Jardines originated in the late 18th century, in the days of the East India Company, which, by virtue of a Royal Charter, held the monopoly of trade between Great Britain, India and the Far East.
From China the company imported tea and silk to meet the demand of increasing consumption in Europe, and, as the Chinese needed nothing comparable in return the balance of payments problem arose.
This was solved by the export from India of raw cotton and opium to China, where the latter was contraband. The trade was conducted in private by merchants licensed by the chartered company and associated Western Agency Houses in Canton, such as Jardines. Jardines exchanged silver proceeds for Bills on the chartered company in London and India, thus completing a triangular transaction. It eliminated the necessity to ship large quantities of coins from Europe to China.
William Jardine, previously a ship's surgeon in the maritime service of the East India Company, and James Matheson were both enterprising Scotsmen who were licensed as private traders, and in 1832 they joined forces as co-partners in Magniac & Co, one of the principal agency houses in Canton. When Jardine Matheson came into being on July 1, 1832, it was an amalgam of three successful interests, with an extensive clientele ranging from Europe to Australia and Latin America.
Jardines acquired the first parcel of land, Lot. No. 1 at East Point, in Hong Kong. There had been difficulties over the involvement of the private traders in the opium trade for years. Matters came to a head in 1839 when British subjects were expelled from Canton and Macau. They were obliged to live and conduct their business on board their ships in the Hong Kong harbour. The Superintendent of Trade summoned naval assistance and, after brief hostilities, negotiations took place at the Convention of Chuenpee. The British were to be allowed to use Hong Kong, but not yet the title to it. However, land sales commenced and Jardines began building their offices and warehouses.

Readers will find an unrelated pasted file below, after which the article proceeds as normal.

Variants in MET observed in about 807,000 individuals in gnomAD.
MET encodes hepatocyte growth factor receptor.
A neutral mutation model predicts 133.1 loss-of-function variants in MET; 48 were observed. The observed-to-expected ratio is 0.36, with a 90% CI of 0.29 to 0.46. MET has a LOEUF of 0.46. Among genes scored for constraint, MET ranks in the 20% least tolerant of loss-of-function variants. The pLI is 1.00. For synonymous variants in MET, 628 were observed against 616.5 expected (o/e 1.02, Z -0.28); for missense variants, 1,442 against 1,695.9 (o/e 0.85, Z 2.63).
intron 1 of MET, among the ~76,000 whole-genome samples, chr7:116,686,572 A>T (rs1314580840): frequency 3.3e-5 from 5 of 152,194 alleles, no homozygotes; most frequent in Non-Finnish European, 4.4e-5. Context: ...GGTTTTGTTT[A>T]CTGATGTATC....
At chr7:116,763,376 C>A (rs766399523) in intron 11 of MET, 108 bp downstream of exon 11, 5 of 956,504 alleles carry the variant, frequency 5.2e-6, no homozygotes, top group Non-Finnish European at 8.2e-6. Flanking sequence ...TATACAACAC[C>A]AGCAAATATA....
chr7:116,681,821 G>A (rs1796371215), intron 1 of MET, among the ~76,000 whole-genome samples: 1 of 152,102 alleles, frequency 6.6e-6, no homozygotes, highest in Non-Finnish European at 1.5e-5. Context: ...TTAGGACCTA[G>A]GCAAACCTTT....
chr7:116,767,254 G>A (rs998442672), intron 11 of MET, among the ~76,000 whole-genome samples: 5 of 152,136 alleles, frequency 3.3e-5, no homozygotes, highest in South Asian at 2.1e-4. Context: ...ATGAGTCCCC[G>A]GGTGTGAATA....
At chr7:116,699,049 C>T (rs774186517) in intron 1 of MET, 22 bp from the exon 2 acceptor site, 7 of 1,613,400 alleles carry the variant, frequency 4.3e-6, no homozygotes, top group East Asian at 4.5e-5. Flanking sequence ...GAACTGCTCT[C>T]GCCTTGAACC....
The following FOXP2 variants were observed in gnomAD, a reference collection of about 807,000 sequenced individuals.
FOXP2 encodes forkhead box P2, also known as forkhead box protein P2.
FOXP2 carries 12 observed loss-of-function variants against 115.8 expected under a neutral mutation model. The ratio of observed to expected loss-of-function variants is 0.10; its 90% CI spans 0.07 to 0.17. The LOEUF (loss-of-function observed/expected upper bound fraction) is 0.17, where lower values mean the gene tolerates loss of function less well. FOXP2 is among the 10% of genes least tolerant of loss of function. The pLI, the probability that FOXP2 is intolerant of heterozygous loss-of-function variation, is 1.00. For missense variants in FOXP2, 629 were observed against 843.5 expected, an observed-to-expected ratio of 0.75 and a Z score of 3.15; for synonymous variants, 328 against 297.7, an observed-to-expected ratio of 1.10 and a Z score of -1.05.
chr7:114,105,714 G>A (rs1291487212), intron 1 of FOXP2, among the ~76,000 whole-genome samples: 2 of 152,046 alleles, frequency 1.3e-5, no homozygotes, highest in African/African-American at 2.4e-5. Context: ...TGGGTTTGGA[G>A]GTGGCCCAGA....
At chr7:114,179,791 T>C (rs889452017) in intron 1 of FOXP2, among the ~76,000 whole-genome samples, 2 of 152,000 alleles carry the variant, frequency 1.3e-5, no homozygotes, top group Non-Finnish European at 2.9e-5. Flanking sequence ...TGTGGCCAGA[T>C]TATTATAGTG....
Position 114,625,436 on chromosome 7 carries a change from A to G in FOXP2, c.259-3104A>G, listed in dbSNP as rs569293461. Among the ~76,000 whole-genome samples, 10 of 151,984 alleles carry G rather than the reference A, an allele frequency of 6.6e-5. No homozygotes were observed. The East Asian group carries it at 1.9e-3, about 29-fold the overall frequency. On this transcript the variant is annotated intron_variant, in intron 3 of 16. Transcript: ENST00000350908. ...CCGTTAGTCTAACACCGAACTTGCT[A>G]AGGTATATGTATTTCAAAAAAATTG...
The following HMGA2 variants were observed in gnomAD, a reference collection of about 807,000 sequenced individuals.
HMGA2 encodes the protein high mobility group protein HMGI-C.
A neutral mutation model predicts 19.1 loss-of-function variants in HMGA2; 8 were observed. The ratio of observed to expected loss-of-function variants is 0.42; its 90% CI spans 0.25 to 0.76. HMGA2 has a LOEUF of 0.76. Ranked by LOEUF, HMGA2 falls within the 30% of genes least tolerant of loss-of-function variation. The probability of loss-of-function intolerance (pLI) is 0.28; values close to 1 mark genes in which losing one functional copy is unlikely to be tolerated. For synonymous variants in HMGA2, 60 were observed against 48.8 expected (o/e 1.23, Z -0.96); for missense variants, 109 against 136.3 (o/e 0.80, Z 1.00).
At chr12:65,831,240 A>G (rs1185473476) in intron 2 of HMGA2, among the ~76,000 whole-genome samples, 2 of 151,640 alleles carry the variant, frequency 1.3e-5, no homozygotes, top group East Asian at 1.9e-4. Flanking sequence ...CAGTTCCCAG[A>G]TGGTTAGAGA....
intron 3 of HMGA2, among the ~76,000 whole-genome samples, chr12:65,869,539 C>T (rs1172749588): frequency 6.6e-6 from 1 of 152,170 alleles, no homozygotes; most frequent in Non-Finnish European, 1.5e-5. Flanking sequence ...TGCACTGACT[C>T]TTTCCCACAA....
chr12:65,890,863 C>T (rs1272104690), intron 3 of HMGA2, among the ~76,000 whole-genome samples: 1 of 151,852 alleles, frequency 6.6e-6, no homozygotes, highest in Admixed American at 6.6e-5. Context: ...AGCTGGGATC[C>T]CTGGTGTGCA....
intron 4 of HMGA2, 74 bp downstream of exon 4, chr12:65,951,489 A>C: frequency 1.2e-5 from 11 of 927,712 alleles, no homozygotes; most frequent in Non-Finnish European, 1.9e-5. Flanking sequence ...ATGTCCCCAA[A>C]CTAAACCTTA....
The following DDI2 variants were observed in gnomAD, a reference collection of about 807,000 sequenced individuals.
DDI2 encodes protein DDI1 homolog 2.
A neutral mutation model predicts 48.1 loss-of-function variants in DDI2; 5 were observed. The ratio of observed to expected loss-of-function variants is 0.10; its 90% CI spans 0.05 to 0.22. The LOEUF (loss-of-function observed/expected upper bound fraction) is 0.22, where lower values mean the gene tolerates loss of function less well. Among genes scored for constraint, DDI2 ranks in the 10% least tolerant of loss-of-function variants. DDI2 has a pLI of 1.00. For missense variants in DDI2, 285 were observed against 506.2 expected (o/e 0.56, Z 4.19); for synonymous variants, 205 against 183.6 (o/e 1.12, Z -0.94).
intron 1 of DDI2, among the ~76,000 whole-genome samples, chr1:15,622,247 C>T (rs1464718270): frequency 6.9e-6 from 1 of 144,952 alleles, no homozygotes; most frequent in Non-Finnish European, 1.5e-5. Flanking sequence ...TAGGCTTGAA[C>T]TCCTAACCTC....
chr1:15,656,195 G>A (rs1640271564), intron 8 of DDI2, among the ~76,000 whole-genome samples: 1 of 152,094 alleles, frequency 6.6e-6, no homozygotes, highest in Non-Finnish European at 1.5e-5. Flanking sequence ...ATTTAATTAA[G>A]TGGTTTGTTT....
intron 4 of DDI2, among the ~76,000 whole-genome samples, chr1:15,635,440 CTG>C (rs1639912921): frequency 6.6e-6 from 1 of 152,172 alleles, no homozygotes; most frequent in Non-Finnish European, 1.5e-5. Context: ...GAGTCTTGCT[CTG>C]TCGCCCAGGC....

Jardines began to finance shipments, open credit and offer general merchant banking facilities. This was due to increased freedom, which followed the conclusion of the war and the formal cession of Hong Kong to the British.
In 1844 the firm completed the move of its headquarters to East Point, with a staff of 20. In the same year the firm's Chinese name, E-Wo (the state of happy harmony) was adopted. David Jardine, nephew of the founder and now taipan in Hong Kong, was one of the first two private citizens (the unofficial members) to be appointed to the Executive and Legislative Councils in Hong Kong, starting a history of contributions to policy making and legislation in Hong Kong that has continued to this day.
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